By Julian Bajkowski
The Planning Institute of Australia has a taken red pen to the ACT Government’s ‘Draft Strategic Cycle Network Plan,’ marking down the strategy as “fundamentally flawed” and arguing that cycleways need to be opened-up to other modes of alternative transport.
The planning body’s Capital chapter is urging further consideration be given to what it calls “perspiration free” alternative transport options that it believes may be more appealing to everyday commuters than the humble pushbike.
“[The] PIA says there are a number of personal mobility devices being embraced by countries around the world but their use in Australia is restricted by our design rules,” the group said in a statement critiquing the National Capital’s latest plan.
“Personal vehicles such as Segways, yike bikes, mini Electric scooters, mobility scooters, mopeds, electric scooters, Robo scooters, and electric tricycles provide realistic, perspiration free safe alternatives but their use is generally illegal.”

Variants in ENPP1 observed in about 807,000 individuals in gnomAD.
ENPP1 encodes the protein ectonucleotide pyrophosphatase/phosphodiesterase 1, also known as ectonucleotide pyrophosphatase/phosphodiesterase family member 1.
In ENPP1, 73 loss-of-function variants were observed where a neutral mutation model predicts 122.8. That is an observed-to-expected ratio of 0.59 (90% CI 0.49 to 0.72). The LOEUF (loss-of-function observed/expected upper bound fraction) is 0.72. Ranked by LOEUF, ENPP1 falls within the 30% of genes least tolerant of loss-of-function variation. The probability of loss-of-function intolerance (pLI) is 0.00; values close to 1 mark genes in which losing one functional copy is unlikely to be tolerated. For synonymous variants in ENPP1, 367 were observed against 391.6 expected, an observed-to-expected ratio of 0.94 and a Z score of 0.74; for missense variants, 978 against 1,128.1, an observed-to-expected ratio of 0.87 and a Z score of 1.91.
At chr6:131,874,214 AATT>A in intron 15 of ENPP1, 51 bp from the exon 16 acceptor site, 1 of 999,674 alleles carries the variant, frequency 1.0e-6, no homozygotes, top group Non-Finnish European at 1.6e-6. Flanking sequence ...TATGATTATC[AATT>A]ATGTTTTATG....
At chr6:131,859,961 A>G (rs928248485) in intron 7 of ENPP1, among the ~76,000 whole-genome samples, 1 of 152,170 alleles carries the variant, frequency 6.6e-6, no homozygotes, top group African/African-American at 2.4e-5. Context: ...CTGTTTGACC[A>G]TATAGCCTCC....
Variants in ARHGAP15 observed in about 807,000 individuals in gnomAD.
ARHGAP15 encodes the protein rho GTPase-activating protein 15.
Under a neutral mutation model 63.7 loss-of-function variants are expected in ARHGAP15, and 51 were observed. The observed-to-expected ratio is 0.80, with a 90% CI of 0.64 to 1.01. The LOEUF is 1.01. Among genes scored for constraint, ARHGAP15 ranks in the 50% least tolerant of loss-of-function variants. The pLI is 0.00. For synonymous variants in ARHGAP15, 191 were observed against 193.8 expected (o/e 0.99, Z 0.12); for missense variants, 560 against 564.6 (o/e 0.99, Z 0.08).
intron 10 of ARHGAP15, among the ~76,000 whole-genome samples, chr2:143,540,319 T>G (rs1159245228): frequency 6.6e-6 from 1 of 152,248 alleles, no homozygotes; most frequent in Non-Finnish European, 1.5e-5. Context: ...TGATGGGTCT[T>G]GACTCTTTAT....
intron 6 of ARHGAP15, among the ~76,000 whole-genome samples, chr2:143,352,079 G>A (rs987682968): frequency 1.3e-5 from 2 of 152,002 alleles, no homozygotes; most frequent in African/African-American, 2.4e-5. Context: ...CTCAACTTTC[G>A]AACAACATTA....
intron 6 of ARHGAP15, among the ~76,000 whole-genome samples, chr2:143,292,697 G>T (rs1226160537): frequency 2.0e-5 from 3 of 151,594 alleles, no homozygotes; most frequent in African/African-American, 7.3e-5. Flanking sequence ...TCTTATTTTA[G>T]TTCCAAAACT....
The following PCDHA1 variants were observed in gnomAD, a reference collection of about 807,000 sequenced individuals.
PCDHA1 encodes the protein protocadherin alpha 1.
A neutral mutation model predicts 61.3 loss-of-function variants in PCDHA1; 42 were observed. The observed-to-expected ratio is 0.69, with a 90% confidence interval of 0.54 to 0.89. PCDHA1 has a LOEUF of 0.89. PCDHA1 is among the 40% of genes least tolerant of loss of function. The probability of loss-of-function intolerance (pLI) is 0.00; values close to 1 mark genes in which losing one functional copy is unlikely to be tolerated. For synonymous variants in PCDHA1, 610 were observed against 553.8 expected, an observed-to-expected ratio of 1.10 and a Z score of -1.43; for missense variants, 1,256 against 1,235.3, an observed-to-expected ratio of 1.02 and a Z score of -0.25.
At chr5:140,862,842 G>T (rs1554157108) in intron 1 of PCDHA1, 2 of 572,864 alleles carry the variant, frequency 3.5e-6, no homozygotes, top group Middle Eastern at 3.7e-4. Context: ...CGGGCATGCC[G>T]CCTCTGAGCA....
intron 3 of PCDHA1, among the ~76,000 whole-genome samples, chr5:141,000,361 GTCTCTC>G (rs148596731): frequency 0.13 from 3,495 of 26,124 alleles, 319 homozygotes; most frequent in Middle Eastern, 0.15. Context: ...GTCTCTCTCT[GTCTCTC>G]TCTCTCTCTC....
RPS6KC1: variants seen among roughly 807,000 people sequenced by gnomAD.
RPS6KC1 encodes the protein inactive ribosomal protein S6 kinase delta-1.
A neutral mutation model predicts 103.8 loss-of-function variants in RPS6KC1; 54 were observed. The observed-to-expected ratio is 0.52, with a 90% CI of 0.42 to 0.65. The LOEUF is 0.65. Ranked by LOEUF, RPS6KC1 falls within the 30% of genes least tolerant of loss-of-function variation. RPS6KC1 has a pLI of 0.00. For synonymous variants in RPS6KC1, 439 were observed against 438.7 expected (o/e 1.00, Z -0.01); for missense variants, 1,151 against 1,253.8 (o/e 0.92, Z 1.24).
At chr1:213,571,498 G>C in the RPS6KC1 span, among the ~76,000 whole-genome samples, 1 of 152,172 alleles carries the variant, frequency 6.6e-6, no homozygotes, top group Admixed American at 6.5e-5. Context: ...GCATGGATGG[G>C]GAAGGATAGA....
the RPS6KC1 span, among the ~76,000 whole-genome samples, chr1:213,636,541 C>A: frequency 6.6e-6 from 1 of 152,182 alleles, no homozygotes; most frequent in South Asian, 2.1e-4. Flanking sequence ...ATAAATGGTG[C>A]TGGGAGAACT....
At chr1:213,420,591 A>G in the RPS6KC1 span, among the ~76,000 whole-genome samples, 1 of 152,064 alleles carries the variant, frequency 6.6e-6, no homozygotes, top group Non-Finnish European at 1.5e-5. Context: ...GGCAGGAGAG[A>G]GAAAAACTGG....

The dilemma of what to do about so-called ‘personal vehicles’ is an accelerating problem for councils, roads authorities and police as the price of electrically powered transport falls rapidly.
One issue is that as the population ages and barriers to entry like price fall, more senior citizens and disabled people are jumping onto so-called mobility scooters to zap around town, usually on the footpath.
Compounding the issue is the surge in the popularity of electrically assisted bikes which allow riders to achieve and maintain speeds considerably faster than the pace of regular, perspiring, cyclists.
PIA ACT President Mr Vivian Straw said riding a bicycle to work in Canberra will remain the choice of the cycling enthusiast.
“Canberra has the best cycling network of any Australian capital city but it also has the lowest participation rate,” Mr Straw said.
“That situation is unlikely to change unless we take more bold and well thought out decisions.”
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